5 Tips to knowing if your Nest Egg is in good shape (guest post by Kate Hillas)
What is a Nest Egg and why have one? The term “Nest Egg” means different things to different people. The Oxford Dictionary defines it as “a sum of money saved for the future”. We are now talking about SAVING! So, how do you know if you have saved enough?
The 5 tips below will let you know if your nest egg is in good shape.
Your savings plan
Set yourself a target amount and then devise a savings plan, keeping in mind the end goal. For example, if you want to save $100,000 as a deposit for your first home in a three year period, you will need to save around $600.00 per week or thereabouts. If that is not realistic, then re-calculate how much per week you can afford to save. Keep track of your savings and be strict with yourself. Don’t dip into those funds for any other purpose, except in the case of an emergency. Invest the money saved into an interest bearing account, to accelerate the growth of the fund.
Long term Nest Egg/Your Superannuation
For most people their superannuation fund is their sole nest egg for their retirement. But will it be enough? Get financial advice about the best superannuation fund for you. Superannuation is a complex area, both from an investment and taxation point of view. There are many rules and traps for the unwary. You should get professional advice both at the time of contributing into the fund and also when you are retired and are drawing down on the fund. HESTA explains different ways of drawing down from the fund and your financial adviser can elaborate on this.
How much do you need to retire?
In this day and age, with greatly improved healthcare, more and more people are living into their 100s. Perhaps you will be so lucky. The current life expectancy for men is 86 and for women it is 90. So, if you retire at 60, you will need to fund your living expenses for 26 years if you are a man and for 30 years if you are a woman.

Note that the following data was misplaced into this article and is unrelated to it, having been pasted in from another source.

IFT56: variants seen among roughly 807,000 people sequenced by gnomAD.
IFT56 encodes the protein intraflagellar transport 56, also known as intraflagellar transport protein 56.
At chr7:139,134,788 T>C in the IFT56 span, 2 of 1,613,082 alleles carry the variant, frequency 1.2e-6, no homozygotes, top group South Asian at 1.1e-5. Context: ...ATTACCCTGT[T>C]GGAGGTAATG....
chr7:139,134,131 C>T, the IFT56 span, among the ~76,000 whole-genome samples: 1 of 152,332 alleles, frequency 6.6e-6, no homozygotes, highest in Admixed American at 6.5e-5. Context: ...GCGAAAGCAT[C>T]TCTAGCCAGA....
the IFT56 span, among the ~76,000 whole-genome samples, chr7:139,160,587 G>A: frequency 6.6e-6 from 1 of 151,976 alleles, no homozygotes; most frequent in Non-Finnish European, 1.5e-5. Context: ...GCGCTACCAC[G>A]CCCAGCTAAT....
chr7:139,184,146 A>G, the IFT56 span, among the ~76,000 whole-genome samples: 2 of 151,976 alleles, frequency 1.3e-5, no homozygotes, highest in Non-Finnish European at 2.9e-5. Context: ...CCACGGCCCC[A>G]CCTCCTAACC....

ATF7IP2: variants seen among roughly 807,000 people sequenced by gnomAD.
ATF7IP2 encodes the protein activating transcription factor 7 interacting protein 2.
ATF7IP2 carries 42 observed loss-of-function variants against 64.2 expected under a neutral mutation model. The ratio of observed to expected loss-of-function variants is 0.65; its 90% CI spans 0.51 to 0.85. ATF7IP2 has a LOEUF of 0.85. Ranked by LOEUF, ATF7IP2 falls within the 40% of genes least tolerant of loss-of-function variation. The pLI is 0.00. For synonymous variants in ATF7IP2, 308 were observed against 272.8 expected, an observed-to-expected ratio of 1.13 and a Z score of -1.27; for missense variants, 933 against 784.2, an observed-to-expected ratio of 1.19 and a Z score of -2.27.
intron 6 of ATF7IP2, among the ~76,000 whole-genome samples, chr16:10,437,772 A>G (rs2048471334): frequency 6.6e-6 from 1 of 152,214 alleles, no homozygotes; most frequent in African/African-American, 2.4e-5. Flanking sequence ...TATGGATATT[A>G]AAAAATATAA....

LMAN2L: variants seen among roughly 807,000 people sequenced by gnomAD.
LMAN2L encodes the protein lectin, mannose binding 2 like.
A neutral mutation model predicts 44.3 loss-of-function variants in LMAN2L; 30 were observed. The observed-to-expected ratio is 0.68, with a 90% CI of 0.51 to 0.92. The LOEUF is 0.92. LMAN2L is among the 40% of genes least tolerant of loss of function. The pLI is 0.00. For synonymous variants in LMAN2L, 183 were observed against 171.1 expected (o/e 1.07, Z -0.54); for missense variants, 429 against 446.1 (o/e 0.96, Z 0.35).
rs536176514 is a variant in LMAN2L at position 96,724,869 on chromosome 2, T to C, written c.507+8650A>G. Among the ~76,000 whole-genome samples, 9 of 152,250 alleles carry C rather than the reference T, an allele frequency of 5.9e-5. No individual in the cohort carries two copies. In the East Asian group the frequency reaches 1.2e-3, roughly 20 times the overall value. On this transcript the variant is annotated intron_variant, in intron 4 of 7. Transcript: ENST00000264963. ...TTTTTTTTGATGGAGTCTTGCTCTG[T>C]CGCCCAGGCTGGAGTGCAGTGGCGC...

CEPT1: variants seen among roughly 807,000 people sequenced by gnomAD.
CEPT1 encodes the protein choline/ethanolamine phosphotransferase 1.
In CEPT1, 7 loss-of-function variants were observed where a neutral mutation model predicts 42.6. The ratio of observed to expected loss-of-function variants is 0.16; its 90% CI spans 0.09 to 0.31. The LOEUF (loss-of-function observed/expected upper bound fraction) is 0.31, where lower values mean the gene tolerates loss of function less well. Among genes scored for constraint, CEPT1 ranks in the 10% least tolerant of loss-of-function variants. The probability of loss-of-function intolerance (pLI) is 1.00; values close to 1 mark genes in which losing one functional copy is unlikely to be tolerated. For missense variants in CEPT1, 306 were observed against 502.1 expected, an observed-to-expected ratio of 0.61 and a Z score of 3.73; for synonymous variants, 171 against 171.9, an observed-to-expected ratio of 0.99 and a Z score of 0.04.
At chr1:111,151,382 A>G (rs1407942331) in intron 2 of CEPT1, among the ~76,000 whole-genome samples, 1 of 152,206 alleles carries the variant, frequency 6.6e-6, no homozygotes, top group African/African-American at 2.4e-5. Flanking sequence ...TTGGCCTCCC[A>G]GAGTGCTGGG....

Liam Shorte a superannuation consultant, in his article for MYOB has written a helpful article on budgeting for living expenses in retirement. He explains that the rule of thumb is that you will need 15 times your annual after tax living expenses. According to the Australian Financial Security Authority (AFSA) Retirement Standard released in September 2012, a couple needs at least $57,000 per year for a comfortable retirement. If your current superannuation contributions will not give you sufficient money to achieve your desired goal, you should consider salary sacrificing at an early stage to top up the fund. Even $50.00 per week can make a huge difference to the final amount in your fund when you retire.
Your most valuable asset is probably your home. You could consider downsizing and adding the surplus money left over from the sale of the family home and the smaller, downsized home, to your superannuation fund or, if it is enough, buy a small investment property. You should definitely consult your accountant about this. Given that you have to live somewhere during your retirement, you should exclude the value of your home from your retirement fund or nest egg.
What about your will?
Most parents want to leave something to their children in their wills, although there is a growing trend among retirees of living it up and “spending the kid’s inheritance”. However, if you belong to those parents who do wish to leave their children something in your will, you will have to factor this into your retirement budget and overall nest egg planning.
Kate Hillas writes for creditcard.com.au, she also has extensive experience as a solicitor in NSW, advising numerous clients, as well as acting for financial institutions in the area of debt recovery. She was a member of the NSW Law Society for 3 years. For the last 20 years she operated her own practice at North Sydney.